Amidst all the heavily unexpected things that happened when 2020 hit, a sudden push for smart and remote working was certainly one of the most prominent. Overnight, hordes of workers were forced to move from the office to the comfort of their own homes – and despite some sceptics believing this could only bring trouble, productivity remained largely in the same place. In some cases, it even saw a boost.
We found that much in our very own Coronavirus Survey early on last year, and quite frankly, we were sceptical ourselves that all these people could still remain productive from home. But it makes sense, doesn’t it? Apart from the sheer fear of redundancies that kept some parts of the industry going, a lot of us were actually way more comfortable working from home.
So it doesn’t come as a surprise that some brands and big companies out there are choosing to ditch office lifeand move to remote for the foreseeable future. Now though, Spotify is taking that extra step. Spotify is introducing a new Work-From-Anywhere policy – and when they say ‘anywhere,’ they mean literally anywhere.
Credit: Spotify HR Blog
An overview of the new Spotify policy
If you take a look at our Employee Experience Predictions for 2021, you’ll see that we got that one in the bag: the future of work is from anywhere. Embracing remote work opens up endless possibilities for companies looking for talent all across the world, potentially tapping into a global pool of professionals.
Now Spotify has decided to be one of the first companies to actually encourage that change. On the 12th of February, Spotify announced a change to its work policy with its very own Work From Anywhere programme.
In a nutshell, here’s what the post on the HR Spotify blog says:
- Work isn’t something you come to the office for, it’s something you do
- Effectiveness can’t be measured by the number of hours people spend in an office – instead, giving people the freedom to choose where they work will boost effectiveness
- Giving our people more flexibility will support better work-life balance and help tap into new talent pools while keeping our existing band members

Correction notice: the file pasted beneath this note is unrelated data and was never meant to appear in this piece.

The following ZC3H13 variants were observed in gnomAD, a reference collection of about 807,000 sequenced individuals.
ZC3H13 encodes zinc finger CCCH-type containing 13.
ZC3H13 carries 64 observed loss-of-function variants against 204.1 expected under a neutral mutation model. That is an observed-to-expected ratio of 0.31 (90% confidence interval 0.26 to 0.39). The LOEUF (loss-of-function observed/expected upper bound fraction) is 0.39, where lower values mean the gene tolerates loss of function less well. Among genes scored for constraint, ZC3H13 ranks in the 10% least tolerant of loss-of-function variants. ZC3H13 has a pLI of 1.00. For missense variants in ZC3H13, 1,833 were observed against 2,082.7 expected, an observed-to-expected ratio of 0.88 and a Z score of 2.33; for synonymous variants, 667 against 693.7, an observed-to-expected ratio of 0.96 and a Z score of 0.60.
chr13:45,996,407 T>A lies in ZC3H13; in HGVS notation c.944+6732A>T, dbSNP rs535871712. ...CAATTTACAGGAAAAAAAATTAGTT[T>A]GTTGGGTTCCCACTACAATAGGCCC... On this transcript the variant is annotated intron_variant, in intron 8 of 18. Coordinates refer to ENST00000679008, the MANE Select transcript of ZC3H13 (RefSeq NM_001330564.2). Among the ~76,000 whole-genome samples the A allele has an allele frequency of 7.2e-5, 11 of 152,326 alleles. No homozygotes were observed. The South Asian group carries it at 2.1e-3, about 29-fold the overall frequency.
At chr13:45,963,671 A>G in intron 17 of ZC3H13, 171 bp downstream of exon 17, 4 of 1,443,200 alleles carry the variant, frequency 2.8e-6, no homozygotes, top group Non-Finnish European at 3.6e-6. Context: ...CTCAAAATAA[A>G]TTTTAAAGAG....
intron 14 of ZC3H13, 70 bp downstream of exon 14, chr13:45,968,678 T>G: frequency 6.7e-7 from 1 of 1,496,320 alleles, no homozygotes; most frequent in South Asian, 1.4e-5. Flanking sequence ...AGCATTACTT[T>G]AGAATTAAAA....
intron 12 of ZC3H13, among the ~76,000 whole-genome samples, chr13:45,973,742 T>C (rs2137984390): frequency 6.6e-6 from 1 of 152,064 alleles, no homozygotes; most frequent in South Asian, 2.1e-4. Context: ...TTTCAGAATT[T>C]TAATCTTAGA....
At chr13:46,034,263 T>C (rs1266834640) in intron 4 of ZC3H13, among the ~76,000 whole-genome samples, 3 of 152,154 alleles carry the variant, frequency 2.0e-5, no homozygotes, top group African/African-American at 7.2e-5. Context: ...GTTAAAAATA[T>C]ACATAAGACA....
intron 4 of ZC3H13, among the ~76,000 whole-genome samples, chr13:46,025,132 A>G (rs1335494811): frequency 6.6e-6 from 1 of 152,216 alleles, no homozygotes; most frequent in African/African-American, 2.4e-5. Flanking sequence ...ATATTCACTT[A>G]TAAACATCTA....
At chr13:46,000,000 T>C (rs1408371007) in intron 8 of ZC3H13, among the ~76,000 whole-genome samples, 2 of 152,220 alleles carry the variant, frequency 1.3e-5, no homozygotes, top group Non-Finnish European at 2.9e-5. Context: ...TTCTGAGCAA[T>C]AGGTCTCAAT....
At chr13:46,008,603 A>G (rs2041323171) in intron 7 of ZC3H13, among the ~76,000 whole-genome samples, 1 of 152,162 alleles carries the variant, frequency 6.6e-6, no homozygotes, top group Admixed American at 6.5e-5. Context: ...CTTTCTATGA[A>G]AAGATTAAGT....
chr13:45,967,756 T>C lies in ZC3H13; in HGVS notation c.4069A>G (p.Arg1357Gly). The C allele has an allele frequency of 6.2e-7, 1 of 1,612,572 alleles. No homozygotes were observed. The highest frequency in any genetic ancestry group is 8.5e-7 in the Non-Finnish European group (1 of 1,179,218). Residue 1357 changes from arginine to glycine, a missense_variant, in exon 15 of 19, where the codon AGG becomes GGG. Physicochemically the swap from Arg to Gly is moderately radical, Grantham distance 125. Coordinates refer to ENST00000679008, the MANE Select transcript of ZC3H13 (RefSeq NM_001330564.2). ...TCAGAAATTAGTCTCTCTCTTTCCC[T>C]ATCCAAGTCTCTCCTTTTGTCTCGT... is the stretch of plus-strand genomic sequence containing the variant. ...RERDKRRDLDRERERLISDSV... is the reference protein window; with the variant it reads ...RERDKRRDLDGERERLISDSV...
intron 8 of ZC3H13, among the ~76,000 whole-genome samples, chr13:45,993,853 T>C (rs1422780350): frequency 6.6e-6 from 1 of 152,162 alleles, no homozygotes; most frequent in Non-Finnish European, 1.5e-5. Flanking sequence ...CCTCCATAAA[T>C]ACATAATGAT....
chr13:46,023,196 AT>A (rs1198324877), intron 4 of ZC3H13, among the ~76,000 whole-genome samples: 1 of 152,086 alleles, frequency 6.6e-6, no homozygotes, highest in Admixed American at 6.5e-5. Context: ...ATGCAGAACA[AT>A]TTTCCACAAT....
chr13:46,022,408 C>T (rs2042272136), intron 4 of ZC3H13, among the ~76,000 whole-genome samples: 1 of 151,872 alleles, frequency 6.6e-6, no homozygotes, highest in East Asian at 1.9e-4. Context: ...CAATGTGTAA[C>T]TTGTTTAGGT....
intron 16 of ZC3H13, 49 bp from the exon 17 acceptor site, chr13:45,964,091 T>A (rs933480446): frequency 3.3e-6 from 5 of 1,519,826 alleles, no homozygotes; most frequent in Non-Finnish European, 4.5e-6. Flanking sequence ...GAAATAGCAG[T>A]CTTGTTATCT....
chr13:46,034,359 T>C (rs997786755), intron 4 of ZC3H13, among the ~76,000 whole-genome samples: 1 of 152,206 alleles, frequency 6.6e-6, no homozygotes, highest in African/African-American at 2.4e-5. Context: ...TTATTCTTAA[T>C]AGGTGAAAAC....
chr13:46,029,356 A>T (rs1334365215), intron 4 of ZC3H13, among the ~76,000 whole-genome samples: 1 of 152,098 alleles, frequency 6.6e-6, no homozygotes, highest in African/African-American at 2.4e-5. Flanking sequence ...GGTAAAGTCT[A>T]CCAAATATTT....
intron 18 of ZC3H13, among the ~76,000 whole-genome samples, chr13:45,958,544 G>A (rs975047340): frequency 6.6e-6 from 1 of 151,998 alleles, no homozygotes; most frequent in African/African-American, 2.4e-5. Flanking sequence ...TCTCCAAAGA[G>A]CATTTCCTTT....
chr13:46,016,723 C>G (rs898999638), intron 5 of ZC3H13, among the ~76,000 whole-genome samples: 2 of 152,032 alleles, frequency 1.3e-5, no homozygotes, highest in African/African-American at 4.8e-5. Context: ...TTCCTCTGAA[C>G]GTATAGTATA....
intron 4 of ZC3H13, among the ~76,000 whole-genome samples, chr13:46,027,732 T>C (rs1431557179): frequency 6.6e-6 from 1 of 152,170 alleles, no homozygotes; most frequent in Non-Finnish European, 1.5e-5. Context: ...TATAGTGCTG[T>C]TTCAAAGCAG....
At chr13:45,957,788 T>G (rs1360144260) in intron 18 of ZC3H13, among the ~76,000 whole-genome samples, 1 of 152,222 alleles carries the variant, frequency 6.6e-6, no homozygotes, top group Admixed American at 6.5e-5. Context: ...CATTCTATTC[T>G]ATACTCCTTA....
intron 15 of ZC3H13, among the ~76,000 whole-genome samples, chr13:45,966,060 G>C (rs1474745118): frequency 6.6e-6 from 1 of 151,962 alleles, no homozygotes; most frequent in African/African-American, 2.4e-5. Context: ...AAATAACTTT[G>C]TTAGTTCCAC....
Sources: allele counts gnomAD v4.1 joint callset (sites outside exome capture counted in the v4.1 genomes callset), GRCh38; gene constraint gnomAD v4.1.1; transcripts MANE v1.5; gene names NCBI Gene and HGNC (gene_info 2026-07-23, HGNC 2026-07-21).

- Operating as a distributed organisation will produce better and more efficient ways of working through more intentional use of communication and collaboration practices, processes and tools.
Starting this summer, Spotify will give employees full decisional power over whether they would like to work full time from home, in the office, or a mix of both. The brand will also introduce more flexibility when it comes to the choice of location. Employees will be able to literally work from anywhere they wish to, with few restrictions of countries and cities – within certain limits, of course, and only to “address time zone difficulties.” Which is pretty understandable, all things considered. In short, you may not be able to work from Japan if your main office is in London.
I have to admit, I’m not personally a big fan of Spotify as a brand, for my own reasons which I may or may not discuss in a separate article. But this employee initiative is spot-on, perfectly timed, and something that you would expect from a company as prominent and overtly progressive as Spotify.
Artwork credit: Kishore Ghosh
Building a healthy workplace, one bit of trust at a time
There is one bit in the Spotify official statement that I believe truly captures the spirit of employers believing in a remote workforce: “A flexible working culture is built on trust, communication, collaboration, and connection.”
We know humans don’t like change. But perhaps the main reason why most employers didn’t adopt remote working until 2020 is that they believed employees wouldn’t be as productive from home. This misconception goes beyond just the creative industry. Before 2020, there was a shared misbelief that, if left on their own, employees would not work as well or as much. Obviously, that belief has since been completely debunked.
Even countries where this misconception is deeply rooted in daily culture, like my own motherland, have since realised that. And the reason is easy to guess: a healthy workplace thrives on trust, rather than micro-management and doubts. The best leaders are the ones praising you for your work and encouraging you to always go the extra mile, rather than the ones assuming that “you are being paid, so you are expected to do your job well.”
It may not be something suitable for all employers, but it’s clear now that Spotify’s Work-From-Anywhere policy is the future of work. And it will certainly help the brand attract some of the best talent from all over the world – simply because it cares enough to put trust in its own employees. Like any great employer should (and will) do.